What happens to my estate if I die without a Will?

If you die without a valid Will the state will dictate how your money, property and possessions are distributed. It does this by applying a set of rules – the intestacy rules – which don’t always reflect modern family arrangements and may mean your estate is not being distributed as you would have wanted. In particular, unmarried partners are not recognised by the intestacy rules.

The intestacy rules refer to the deceased’s “issue” – that is all his or her direct descendants including adopted and illegitimate children, but not step-children.

If you’re married or in a civil partnership and have issue:

Your surviving spouse/civil partner gets all your personal possessions, the first £250,000 of the estate and half of whatever’s left. Your issue receives the other half.

If you’re married or in a civil partnership but have no issue:

Your spouse or civil partner receives your entire estate.

If you have no spouse or civil partner:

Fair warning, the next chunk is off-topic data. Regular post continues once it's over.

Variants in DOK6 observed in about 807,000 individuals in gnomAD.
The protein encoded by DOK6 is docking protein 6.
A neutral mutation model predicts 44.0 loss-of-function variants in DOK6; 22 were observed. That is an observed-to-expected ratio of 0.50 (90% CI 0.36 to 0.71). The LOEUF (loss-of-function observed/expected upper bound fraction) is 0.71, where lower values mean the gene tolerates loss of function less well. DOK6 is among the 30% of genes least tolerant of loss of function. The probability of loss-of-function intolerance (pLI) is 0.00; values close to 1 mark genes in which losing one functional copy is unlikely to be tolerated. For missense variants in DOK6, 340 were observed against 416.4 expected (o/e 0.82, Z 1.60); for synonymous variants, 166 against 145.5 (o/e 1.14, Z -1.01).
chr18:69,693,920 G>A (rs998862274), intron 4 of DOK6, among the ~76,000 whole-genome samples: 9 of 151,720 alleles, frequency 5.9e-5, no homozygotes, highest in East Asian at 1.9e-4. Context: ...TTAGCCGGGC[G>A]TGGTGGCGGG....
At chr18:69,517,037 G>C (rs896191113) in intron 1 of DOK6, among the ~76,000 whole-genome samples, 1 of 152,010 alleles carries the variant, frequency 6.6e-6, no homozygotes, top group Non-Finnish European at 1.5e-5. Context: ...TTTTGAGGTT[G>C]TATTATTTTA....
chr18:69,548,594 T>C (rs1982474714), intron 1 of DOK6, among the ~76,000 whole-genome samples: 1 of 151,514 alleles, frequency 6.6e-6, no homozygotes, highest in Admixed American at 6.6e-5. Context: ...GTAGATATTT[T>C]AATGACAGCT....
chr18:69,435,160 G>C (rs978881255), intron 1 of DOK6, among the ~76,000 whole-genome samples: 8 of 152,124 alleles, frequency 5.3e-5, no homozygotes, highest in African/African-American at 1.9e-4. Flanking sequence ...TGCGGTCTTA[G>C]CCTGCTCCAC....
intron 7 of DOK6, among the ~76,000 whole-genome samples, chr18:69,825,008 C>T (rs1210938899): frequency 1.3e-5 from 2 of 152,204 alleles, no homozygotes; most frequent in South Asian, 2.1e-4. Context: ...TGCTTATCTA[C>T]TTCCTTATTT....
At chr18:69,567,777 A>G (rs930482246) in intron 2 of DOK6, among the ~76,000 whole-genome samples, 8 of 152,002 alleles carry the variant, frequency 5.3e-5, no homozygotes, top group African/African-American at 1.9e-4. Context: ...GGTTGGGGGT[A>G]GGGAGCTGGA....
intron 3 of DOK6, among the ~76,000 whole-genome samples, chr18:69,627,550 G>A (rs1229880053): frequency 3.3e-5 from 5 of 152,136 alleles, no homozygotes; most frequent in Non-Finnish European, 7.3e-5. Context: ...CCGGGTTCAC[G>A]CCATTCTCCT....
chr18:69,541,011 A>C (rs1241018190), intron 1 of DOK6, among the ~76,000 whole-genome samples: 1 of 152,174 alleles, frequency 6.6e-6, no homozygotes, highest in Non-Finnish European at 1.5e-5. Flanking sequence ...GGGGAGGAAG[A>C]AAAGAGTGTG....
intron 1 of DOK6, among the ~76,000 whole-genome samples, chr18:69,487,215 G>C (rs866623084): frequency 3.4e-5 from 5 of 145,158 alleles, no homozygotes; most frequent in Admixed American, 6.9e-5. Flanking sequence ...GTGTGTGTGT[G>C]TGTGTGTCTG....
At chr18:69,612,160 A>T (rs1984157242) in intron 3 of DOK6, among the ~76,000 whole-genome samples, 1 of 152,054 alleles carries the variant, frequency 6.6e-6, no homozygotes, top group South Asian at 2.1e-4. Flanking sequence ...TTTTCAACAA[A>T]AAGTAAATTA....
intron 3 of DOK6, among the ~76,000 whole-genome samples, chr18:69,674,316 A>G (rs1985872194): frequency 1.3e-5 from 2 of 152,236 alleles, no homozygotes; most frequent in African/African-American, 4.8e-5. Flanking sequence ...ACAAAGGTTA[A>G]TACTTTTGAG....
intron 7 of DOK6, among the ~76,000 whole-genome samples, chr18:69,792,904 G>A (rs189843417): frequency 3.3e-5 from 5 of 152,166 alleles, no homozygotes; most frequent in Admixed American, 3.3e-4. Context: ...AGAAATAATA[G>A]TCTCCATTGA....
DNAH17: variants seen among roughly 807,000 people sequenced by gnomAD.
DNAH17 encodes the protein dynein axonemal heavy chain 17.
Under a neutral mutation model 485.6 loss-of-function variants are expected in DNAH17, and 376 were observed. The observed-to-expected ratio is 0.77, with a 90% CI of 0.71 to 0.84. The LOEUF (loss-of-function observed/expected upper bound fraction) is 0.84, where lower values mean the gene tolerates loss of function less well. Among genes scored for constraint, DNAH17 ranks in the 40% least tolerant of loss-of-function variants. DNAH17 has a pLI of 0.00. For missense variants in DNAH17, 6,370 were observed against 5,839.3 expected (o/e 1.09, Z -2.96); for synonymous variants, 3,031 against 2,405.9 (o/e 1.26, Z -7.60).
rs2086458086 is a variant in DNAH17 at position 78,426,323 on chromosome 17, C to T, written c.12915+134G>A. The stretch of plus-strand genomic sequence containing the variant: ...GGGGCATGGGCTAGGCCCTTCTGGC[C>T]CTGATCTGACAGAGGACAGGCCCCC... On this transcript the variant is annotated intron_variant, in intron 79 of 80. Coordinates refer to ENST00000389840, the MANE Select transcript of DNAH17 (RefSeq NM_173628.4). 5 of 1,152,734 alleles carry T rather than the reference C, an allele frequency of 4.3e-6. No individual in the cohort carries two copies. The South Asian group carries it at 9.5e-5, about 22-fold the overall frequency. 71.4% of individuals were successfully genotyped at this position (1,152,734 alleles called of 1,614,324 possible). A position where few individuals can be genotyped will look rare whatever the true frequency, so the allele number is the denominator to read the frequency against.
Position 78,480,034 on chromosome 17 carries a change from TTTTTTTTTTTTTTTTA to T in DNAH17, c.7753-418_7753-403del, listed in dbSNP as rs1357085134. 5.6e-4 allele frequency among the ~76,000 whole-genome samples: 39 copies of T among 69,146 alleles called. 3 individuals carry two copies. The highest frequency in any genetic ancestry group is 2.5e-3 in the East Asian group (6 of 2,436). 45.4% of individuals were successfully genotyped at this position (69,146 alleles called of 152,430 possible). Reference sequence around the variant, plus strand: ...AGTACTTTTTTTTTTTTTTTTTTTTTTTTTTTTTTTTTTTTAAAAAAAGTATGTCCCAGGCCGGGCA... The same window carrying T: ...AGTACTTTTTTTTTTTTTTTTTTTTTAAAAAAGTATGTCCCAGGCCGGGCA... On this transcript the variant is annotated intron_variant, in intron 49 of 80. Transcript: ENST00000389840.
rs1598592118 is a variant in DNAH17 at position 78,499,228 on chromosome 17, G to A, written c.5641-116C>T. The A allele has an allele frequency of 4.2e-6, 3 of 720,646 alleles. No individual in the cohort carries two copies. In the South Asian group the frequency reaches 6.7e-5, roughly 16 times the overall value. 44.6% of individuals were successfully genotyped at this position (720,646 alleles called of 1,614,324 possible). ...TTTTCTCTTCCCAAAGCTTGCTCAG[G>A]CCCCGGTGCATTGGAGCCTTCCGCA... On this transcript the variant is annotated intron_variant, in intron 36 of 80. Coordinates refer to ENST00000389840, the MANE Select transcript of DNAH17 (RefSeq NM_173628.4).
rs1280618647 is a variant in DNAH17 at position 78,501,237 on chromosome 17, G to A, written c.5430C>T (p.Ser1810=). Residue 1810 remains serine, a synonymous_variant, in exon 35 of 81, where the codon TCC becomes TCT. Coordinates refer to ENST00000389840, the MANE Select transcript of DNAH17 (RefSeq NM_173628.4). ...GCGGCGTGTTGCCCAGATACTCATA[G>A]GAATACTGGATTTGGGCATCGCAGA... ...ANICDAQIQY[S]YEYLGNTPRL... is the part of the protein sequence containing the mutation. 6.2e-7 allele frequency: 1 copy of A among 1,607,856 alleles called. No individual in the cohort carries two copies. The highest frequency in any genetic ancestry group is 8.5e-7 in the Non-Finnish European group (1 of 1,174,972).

Your estate will be inherited in the following order:

  • Your issue
  • Your parents
  • Your siblings
  • Your half brothers and sisters
  • Your grandparents
  • Your uncles and aunts
  • Your half-uncles and aunts

Who can’t inherit under the intestacy rules?

  • Step children unless they’ve been legally adopted by you
  • Unmarried partners or those not in a civil partnership – irrespective of how long you’ve been living together
  • Relations by marriage
  • Friends
  • Carers

The intestacy rules are complex. This is an overview of some of the situations they cover. To find out more go to the Government’s website, where they have a tool you can use to see of these rules could affect you.

It is easy to see why having a Will is so important. Not only can it make sorting out your affairs much clearer and easier for your friends and family, but it means you have a say in the things that matter to you and no one you care about will be excluded.

By writing your Will with us you can make sure all of the key points are considered and you have a Will which is not only legally valid, but is also tailored to suit your specific needs and those of your family – after all that’s what it is all about.

Related Articles:

What happens to my house if I die without a Will?
Will my partner get anything if I die without a Will?

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